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Non-Western Reflection on Politics

Edited By Petr Drulák and Sárka Moravcová

Recent rise of the non-Western parts of the world makes the need for a genuine global dialogue more urgent than ever before. To take an effective part in it, the West needs to face a conceptual challenge. The Western understanding of the political world is based on such deeply ingrained concepts as power, politics, statecraft, cooperation, multilateralism, dependence, identity or human rights. The Westerners tend to wrongly assume that everyone else is bound to share these concepts. This book shows that the reality is different. Investigating African, Asian, Islamic and Latin American political thinking, the book introduces non-Western concepts of politics as well as non-Western readings of seemingly familiar Western concepts. By doing this, it points to the obstacles to the global dialogue as well as to opportunities which may be exploited.

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Chinese Political Metaphysics: The Book of Changes - Petr Drulák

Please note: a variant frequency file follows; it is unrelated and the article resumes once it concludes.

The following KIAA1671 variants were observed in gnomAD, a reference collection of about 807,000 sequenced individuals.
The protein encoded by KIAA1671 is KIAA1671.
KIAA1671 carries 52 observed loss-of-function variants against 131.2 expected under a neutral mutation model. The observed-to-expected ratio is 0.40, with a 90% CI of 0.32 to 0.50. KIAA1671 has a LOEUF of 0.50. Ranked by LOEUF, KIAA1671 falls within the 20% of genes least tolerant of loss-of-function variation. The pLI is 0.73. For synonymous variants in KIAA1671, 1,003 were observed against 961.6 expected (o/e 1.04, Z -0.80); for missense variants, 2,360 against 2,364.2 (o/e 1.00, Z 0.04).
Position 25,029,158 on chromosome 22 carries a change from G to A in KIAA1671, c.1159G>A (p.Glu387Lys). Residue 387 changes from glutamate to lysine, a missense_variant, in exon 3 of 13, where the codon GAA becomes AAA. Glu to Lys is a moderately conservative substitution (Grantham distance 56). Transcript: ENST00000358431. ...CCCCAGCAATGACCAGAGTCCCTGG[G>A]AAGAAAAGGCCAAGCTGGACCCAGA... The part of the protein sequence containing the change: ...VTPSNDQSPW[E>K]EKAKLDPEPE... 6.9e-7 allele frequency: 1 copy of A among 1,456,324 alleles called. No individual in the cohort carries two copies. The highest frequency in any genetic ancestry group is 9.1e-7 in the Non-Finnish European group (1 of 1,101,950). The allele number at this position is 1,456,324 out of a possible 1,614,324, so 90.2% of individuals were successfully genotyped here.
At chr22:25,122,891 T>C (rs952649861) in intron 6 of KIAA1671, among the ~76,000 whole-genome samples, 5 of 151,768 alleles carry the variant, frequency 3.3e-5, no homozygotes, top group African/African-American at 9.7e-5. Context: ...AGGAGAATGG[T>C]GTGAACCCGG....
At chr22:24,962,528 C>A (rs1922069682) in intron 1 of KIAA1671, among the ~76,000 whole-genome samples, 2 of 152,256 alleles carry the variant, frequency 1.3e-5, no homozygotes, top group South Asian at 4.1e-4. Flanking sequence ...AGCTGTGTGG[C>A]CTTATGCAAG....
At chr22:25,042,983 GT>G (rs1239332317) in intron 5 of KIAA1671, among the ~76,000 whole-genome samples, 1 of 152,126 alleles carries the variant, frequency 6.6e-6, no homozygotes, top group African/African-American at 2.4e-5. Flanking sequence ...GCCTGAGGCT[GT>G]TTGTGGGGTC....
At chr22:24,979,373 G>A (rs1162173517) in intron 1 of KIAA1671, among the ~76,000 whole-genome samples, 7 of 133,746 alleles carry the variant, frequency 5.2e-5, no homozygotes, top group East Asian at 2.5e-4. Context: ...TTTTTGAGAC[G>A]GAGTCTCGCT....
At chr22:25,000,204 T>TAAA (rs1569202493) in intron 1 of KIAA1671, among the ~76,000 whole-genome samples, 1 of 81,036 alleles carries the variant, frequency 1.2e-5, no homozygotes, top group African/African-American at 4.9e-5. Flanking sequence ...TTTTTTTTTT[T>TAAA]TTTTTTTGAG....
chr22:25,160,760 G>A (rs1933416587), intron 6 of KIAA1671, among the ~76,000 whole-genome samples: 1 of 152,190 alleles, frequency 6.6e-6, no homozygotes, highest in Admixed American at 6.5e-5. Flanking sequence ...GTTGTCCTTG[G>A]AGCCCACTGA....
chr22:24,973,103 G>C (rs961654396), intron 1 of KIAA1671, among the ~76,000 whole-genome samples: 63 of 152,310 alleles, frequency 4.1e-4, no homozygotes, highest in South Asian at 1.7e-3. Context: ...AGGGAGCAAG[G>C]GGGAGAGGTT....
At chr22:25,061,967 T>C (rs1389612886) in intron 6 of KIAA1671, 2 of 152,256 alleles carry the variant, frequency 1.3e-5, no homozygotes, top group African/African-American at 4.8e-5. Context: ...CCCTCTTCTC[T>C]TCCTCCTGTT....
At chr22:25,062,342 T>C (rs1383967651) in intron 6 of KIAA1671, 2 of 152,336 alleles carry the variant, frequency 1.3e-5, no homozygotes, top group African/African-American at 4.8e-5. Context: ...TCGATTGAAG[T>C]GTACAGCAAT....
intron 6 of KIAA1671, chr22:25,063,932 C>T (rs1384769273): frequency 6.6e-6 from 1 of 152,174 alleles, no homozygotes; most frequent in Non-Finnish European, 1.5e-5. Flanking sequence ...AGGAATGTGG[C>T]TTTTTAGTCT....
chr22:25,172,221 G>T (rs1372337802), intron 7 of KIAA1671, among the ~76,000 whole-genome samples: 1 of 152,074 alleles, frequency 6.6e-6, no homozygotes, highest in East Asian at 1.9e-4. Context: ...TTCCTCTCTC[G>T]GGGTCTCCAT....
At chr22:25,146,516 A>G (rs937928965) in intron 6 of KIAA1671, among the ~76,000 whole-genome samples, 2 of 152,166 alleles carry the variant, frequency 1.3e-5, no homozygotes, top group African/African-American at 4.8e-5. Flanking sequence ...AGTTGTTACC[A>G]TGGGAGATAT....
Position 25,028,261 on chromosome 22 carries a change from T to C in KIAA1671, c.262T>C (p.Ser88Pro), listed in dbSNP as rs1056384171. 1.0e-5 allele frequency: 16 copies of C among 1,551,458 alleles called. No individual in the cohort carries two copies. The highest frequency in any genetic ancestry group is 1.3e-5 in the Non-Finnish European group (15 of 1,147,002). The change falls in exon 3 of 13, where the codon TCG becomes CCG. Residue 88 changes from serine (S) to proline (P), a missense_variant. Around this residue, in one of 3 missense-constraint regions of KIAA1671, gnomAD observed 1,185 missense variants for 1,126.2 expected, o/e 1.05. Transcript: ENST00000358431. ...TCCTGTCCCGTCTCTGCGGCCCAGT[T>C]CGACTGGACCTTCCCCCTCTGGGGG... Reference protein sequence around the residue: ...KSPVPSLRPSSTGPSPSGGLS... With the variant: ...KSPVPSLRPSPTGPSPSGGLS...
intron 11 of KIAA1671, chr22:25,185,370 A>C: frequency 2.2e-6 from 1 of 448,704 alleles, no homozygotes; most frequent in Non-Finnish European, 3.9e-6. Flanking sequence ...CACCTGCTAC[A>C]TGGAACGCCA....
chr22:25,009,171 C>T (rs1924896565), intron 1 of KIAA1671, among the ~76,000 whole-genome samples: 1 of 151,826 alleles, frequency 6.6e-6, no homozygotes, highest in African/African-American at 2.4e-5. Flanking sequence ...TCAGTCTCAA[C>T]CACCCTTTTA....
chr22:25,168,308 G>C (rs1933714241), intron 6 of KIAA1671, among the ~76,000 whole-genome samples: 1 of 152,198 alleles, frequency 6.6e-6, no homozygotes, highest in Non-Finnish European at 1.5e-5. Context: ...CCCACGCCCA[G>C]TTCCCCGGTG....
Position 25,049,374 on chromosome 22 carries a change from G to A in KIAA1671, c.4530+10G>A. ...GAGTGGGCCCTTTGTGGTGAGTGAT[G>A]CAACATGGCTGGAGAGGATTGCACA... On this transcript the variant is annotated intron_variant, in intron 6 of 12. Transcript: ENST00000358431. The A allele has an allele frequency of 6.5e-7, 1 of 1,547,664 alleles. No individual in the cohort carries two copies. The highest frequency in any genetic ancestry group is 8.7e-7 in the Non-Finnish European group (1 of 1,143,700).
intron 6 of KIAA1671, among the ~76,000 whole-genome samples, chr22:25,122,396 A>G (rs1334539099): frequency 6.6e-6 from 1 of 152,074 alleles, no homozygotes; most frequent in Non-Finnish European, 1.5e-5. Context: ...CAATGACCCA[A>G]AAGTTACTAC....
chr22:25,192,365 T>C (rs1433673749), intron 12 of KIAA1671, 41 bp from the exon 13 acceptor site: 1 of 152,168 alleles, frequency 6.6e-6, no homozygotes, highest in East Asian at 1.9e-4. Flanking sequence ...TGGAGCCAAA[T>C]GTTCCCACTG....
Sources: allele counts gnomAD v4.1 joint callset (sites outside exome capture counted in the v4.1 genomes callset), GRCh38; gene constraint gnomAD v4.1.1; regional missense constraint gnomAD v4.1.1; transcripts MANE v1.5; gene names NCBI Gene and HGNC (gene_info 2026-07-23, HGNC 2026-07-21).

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Chinese Political Metaphysics: The Book of Changes Petr Drulák “The empire, long divided, must unite; long united, must divide. Thus it has ever been.” Romance of the Three Kingdoms by Luo Guanzhong China has a long tradition of political thinking including ideas from Chinese thinkers as well as ideas from abroad. Nowadays, Chinese political thinking is being developed in connection with the dialogue with the West. However, such a dialogue is only possible if both parties are aware of their mutual distinctions and common ground. This awareness is vital not only for China, in its efforts to determine how its society should look, but also for the West. When dealing with China, Europeans and Americans need to be able to dis- tinguish between fundamental differences, which are difficult to bridge, and those which are only apparent, turning into similarities upon closer scrutiny. A careful examination of this dichotomy protects against opposite dangers: false universalism, which expects China to converge with Western models, and sin- gularity, seeing China as completely unique and, by extension, incomprehensi- ble to any outsider. This chapter contributes to such an examination by focusing on the Chinese theoretical thinking about international politics and, more specifically, on its metaphysical foundations. It starts with a brief summary of the intellectual background of this thinking, including the most important influences from out- side. The summary is followed by an examination of some of the most visible Chinese contributions to the current IR theory. On this basis, it is argued...

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